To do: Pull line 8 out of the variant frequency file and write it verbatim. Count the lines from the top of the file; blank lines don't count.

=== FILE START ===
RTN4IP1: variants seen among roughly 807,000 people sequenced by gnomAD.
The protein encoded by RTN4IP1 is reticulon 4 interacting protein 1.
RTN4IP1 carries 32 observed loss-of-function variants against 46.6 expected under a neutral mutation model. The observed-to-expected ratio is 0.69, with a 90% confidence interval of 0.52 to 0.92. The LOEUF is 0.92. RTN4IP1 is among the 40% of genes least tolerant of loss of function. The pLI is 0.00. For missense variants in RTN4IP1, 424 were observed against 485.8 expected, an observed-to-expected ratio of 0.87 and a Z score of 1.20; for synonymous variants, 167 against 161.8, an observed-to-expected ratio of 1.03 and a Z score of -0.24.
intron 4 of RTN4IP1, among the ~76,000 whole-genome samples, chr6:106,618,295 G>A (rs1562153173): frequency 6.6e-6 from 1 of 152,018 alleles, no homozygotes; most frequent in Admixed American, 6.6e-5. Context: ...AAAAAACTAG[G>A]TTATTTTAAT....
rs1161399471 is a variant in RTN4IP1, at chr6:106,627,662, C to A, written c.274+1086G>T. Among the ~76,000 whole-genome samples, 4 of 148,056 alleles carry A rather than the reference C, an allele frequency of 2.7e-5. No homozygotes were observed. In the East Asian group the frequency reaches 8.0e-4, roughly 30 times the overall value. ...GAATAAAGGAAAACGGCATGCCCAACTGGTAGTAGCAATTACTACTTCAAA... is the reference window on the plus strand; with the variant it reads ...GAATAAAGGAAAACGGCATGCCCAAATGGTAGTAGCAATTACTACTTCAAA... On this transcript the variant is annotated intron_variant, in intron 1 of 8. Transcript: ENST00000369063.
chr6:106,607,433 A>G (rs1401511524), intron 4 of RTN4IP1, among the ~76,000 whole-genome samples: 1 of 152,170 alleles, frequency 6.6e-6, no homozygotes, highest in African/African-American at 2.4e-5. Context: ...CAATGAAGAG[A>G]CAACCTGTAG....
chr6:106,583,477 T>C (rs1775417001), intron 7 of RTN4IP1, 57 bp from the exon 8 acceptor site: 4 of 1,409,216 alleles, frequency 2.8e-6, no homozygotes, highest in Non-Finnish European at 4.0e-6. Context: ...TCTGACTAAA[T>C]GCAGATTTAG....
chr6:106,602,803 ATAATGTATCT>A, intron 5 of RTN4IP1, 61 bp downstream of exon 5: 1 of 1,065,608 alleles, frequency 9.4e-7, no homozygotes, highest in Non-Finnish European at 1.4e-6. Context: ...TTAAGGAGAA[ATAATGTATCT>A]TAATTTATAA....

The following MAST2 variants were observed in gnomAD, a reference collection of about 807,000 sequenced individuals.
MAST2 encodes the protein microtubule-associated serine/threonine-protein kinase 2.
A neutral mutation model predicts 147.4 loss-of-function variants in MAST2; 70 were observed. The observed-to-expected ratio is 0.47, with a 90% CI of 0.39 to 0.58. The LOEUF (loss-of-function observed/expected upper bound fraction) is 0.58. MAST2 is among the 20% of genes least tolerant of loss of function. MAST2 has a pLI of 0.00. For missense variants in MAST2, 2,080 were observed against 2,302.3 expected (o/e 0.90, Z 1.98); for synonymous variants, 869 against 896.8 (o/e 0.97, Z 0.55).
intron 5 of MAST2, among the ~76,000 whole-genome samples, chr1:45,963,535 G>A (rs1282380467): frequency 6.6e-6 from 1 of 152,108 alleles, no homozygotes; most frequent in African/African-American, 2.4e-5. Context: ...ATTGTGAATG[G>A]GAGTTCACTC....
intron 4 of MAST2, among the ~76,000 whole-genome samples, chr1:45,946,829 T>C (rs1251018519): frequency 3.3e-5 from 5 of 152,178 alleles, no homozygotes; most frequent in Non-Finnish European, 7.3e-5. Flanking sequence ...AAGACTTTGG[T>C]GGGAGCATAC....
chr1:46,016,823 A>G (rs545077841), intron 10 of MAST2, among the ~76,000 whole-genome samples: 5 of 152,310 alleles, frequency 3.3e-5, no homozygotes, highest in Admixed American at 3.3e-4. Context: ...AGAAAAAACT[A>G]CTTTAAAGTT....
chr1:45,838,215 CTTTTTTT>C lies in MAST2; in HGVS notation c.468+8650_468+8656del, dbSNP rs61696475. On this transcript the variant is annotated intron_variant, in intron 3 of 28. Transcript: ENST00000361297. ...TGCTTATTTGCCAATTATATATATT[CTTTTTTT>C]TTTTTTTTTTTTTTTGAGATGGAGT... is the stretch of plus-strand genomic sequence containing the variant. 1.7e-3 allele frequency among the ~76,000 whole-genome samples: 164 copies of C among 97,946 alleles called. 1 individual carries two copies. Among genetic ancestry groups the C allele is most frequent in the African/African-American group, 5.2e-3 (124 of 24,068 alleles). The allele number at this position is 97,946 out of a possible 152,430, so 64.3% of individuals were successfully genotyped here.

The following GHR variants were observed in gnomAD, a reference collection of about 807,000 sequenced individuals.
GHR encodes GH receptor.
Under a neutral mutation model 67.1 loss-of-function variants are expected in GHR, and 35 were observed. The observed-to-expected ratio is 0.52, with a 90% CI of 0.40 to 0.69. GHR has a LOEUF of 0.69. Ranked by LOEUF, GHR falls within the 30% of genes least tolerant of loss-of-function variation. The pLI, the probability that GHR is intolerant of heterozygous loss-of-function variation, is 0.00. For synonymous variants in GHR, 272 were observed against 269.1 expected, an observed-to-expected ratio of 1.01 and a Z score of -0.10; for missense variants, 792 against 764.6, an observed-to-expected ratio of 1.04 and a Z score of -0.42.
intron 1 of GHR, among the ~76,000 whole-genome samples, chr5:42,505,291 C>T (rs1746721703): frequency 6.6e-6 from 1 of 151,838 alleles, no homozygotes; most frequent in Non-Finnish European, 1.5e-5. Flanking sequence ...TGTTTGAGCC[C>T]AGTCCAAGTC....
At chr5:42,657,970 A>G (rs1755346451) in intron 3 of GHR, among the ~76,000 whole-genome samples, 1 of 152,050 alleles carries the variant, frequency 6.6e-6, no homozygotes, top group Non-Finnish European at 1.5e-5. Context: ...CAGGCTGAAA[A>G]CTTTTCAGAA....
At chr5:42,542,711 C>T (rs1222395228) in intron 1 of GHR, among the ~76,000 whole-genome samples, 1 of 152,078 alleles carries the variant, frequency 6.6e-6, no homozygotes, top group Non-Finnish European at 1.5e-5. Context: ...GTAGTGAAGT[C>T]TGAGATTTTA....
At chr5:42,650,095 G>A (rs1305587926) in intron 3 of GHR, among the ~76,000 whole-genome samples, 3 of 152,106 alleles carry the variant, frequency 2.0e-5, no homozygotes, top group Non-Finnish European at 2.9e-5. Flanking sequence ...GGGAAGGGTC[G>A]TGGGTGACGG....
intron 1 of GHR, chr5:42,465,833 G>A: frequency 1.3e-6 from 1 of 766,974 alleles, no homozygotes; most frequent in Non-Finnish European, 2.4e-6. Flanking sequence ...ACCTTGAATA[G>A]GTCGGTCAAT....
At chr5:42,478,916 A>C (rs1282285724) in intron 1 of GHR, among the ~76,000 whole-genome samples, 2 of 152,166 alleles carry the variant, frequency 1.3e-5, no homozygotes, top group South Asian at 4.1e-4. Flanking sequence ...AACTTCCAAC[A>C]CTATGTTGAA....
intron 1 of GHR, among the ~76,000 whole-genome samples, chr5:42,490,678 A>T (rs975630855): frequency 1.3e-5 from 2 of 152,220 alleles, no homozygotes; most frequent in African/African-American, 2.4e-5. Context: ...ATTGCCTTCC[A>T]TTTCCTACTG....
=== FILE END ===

chr6:106,602,803 ATAATGTATCT>A, intron 5 of RTN4IP1, 61 bp downstream of exon 5: 1 of 1,065,608 alleles, frequency 9.4e-7, no homozygotes, highest in Non-Finnish European at 1.4e-6. Context: ...TTAAGGAGAA[ATAATGTATCT>A]TAATTTATAA....